Bangkok took a bit of time and multiple visits to grow on us. Our 1st trip was after a month on Koh Samui. I’m not a fan of big cities normally, so I just chalked it up to that. But our second time was definitely different, and we really enjoyed it. Now’ we’re in Vietnam which is a whole different world. So if you’ve ever wondered about visiting Bangkok or Hanoi, here’s my perspective.
Thailand has a calmer culture. You honk only when it’s necessary. Traffic noise is really pretty quiet for a big city. Actually, so is most of the noise. Sure, every so often you’ll have a club thump thump thumping into the night, but generally speaking it’s pretty mellow.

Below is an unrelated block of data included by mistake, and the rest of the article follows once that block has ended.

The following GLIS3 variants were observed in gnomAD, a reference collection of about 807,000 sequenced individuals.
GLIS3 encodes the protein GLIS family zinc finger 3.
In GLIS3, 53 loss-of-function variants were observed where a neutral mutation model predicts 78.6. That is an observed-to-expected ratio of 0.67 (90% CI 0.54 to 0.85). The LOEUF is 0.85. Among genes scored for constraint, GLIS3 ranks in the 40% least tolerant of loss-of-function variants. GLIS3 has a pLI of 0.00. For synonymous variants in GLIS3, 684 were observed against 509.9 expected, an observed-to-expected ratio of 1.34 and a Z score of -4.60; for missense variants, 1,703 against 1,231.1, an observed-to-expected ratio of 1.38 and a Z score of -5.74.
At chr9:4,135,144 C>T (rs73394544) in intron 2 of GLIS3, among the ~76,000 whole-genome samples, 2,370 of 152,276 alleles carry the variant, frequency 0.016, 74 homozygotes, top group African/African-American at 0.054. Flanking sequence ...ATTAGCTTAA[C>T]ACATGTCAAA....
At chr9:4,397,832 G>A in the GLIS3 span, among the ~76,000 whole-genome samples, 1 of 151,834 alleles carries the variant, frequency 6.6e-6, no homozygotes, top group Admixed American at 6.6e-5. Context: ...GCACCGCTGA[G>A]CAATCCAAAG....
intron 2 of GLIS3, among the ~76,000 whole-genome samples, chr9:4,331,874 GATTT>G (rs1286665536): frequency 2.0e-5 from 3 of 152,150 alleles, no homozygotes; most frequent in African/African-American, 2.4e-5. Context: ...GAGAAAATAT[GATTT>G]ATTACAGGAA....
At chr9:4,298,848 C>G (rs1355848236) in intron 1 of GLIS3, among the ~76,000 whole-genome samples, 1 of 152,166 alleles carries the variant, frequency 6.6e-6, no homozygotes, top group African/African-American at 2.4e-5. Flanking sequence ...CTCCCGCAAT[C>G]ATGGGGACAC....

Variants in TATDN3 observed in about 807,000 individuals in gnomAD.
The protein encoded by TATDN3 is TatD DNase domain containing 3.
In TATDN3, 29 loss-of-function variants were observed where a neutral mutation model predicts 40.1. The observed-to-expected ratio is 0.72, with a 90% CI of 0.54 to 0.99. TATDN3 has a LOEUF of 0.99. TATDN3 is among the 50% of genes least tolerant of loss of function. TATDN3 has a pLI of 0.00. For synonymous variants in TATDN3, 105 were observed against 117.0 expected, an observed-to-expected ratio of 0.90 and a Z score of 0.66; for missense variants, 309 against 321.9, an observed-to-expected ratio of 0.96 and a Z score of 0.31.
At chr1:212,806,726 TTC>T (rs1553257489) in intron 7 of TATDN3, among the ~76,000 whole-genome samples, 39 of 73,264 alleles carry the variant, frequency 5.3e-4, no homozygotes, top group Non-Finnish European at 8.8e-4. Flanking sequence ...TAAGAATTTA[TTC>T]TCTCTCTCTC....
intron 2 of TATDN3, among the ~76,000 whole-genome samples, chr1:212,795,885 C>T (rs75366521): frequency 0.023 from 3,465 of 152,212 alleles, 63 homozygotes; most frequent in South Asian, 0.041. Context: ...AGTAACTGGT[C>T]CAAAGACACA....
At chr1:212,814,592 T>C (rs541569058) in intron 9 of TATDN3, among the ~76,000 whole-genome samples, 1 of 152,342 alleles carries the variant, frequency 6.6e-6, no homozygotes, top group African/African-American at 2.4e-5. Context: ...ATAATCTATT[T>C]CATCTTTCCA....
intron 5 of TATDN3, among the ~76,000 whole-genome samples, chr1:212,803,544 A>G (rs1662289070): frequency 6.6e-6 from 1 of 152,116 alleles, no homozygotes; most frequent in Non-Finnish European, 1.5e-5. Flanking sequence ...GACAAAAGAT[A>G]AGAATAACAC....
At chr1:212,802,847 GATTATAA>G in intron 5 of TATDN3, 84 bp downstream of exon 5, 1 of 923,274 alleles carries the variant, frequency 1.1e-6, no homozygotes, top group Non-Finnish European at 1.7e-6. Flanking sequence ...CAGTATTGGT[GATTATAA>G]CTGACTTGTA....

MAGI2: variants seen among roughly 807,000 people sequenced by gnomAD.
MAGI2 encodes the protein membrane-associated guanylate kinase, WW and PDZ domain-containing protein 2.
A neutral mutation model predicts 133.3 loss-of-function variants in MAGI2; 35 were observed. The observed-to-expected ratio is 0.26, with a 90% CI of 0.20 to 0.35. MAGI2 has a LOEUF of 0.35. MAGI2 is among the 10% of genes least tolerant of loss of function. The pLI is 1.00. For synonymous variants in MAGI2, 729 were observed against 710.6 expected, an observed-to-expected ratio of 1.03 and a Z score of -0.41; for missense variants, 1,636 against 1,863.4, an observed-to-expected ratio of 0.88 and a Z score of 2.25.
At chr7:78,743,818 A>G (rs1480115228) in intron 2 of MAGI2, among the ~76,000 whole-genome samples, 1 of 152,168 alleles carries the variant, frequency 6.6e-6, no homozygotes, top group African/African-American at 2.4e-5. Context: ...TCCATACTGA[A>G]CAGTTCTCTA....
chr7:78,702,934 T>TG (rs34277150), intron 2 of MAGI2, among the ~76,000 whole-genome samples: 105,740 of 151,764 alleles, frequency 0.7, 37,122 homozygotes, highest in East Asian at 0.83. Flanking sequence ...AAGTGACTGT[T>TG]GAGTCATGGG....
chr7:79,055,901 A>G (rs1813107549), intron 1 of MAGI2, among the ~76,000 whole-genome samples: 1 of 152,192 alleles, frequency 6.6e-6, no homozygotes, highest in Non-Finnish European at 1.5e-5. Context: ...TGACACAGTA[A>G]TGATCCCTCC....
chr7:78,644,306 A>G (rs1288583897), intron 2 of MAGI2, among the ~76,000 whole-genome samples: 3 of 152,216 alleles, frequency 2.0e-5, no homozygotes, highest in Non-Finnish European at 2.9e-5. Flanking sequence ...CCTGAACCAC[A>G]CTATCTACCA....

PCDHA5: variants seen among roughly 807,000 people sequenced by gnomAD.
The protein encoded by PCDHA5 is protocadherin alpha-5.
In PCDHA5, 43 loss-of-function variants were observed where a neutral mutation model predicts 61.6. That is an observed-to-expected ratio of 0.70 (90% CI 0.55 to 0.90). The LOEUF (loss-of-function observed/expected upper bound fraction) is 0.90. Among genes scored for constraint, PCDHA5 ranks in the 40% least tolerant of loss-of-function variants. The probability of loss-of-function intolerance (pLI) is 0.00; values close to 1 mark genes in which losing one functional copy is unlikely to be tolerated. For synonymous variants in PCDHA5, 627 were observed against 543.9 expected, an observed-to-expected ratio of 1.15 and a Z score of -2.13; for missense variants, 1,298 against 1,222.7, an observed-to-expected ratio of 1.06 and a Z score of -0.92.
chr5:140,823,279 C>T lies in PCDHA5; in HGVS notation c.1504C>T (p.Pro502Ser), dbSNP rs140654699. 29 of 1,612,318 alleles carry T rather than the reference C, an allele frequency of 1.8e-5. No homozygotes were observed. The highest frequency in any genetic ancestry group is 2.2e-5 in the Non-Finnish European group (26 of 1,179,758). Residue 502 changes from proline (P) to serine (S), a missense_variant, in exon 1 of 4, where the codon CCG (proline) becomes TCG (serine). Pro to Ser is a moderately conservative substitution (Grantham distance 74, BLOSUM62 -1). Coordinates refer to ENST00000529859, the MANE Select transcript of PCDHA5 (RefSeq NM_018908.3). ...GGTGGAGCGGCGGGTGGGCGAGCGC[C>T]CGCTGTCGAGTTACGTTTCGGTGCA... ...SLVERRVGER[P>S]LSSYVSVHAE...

Hanoi is not. Hanoi loves its noise. It cherishes it. It has far more motor bikes than cars, and they’re loud. That’s before you factor in all the honking. All the freakin’ time.
But variety is the spice of life, and the noise isn’t limited to just honking and engines. We also have the cars that drive slowly through the neighborhoods blaring announcements and what sound like infomercials. At night, the place gets a rockin’ from loud music. Thankfully, we’ve at least been spared the karaoke that is reminiscent of cats doing the dance of love in alleyways.
Vietnamese food is really quite good, but Thai food kicks it culinary butt in my book. If you don’t like eating with chopsticks, definitely stay in Bangkok. (I love them personally, but I know not everyone does, including Tigger.) From what I’ve seen in Hanoi, I would also say that Thai food in Bangkok is fresher. Most Thai food is prepared as it’s ordered, whereas a lot of the Vietnamese food we’ve seen in Hanoi is prepared and just waiting to be ordered.